The Alcohol Pandemic: Are We Ready for What's Next?

Vicki M. Shah, PA-C, MMS; Nancy Reau, MD


May 25, 2021

Over the past year, working from home changed to homing from work. This made life infinitely more stressful for those juggling work with running a household, while additionally burdened by being cut off from many personal connections. These living conditions are also ripe for alcohol abuse, leaving us to question, has drinking become the new American pastime?

Troubling Trends

The 2015-2020 Dietary Guidelines for Americans recommend that adults drink in moderation by limiting daily intake to two drinks or less for men and one drink or less for women. This seems reasonable, but do Americans know what is considered a "drink"?

The guidelines state that one drink can be 12 oz of 5% alcohol by volume (ABV) beer, 5 oz of 12% ABV wine, or 1.5 oz of 40% ABV liquor. However, that one bottle of wine enjoyed at home in the evening is 25 oz, which equals five drinks, well above the current recommendations. Although most Americans do not drink alcohol daily, clinicians need to pay attention to the amount that our patients consume when they do.

The need to be vigilant has becoming increasingly clear over the past year.

A 2020 survey study showed an increase of alcohol intake during the pandemic, with 1 day more of consumption per month by 75% of American adults. Women increased their alcohol intake by 39% compared with 2019. Younger women in particular are driving the higher mortality rates for alcoholic liver disease.

These trends are even more problematic when coupled with data on Americans' diets during the pandemic.

A recent Gallup poll revealed that 28% more Americans reported that they weighed 200 lb or more this decade compared with the previous decade. The average weight reported was 178 lb, up from 174 lb. Despite this trend, fewer Americans are looking to lose weight and are content with their current weight.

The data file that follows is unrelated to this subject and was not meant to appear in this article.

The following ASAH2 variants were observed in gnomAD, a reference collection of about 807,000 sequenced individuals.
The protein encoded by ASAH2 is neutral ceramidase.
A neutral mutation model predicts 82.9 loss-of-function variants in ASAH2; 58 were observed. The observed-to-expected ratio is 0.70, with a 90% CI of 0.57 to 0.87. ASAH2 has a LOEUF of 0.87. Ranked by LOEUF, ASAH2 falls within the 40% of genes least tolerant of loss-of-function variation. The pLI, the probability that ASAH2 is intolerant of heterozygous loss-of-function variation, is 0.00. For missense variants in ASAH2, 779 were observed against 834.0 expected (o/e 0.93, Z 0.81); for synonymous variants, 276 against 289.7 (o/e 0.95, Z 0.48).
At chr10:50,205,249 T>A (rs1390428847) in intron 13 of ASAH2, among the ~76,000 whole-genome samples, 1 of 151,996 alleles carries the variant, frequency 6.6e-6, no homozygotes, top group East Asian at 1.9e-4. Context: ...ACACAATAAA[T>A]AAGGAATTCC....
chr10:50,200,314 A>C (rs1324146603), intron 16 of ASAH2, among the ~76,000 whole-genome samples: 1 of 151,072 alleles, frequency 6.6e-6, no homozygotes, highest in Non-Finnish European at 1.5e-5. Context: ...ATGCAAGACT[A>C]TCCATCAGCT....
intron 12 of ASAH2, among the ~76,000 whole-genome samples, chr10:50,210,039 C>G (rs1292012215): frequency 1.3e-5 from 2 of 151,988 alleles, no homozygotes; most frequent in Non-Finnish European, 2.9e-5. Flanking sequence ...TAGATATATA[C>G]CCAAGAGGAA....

By 2030, it is projected that most Americans will be overweight, and of those, nearly 50% of adults will have obesity. It is also estimated that 33% of children between 6 and 11 years of age and 50% of adolescents between 12 and 19 years of age will be overweight or obese.

The Synergistic Effects of Alcohol and Obesity

We know that alcohol consumption can cause damage to the liver, heart, and pancreas and is linked to several types of cancers. It can also weaken the immune system or worsen depression and anxiety, side effects that no one wants to experience, especially during a pandemic. Mortality from alcohol-related disease increased 40% from 1999 to 2017 and over 150% for people between 25 and 34 years of age.

Studies show that obesity decreases our lifespan by up to 8 years and is associated with at least 236 other medical problems, including 13 types of cancer, type 2 diabetes, sleep apnea, hypertension, hyperlipidemia, and depression. In addition, death rates in midlife (age 25-64 years) increased by 114% between 1999 and 2017 owing to obesity.

The synergistic effect of heavy alcohol use and obesity can increase the risk for fibrosis progression, hepatic carcinogenesis, and mortality. Heavy drinkers with obesity have a 5.8-fold relative risk for steatosis compared with heavy drinkers with normal body weight. Rates of liver disease-related mortality are approximately 19 in obese men who drink more than 15 alcoholic drinks per week, compared with only 3 for underweight/normal weight men. There is a fivefold increase in risk for cirrhosis in women with obesity who drink more than 150 g of alcohol weekly.

Identifying At-Risk Patients

As the need to identify advanced liver disease has become increasingly important in recent years, it has also, thankfully, become easier for clinicians to do. The most important factor in understanding risk for liver-related complications is the presence of fibrosis.

Noninvasive assessment using clinical calculators or imaging can determine risk for advanced fibrosis and cirrhosis.

Fibrosis-4 (FIB-4) calculation inputs age, alanine aminotransferase (ALT) level, aspartate aminotransferase (AST) level, and platelet count to determine risk. A FIB-4 score < 1.45 has a negative predictive value of 90% for advanced fibrosis, whereas a score > 3.25 would have a 97% specificity and a positive predictive value of 65%.

The AST to Platelet Ratio Index (APRI) calculator uses ALT level, AST level, and platelet count. An APRI score > 1.0 has a sensitivity of 76% and specificity of 72% for predicting cirrhosis and > 0.7 has a sensitivity of 77% and specificity of 72% for predicting significant hepatic fibrosis.

Newer imaging techniques are also reliable and accurate, including ultrasound in the form of transient elastography and point shear wave elastography, acoustic radiation force impulse imaging, or dynamic shear wave elastography.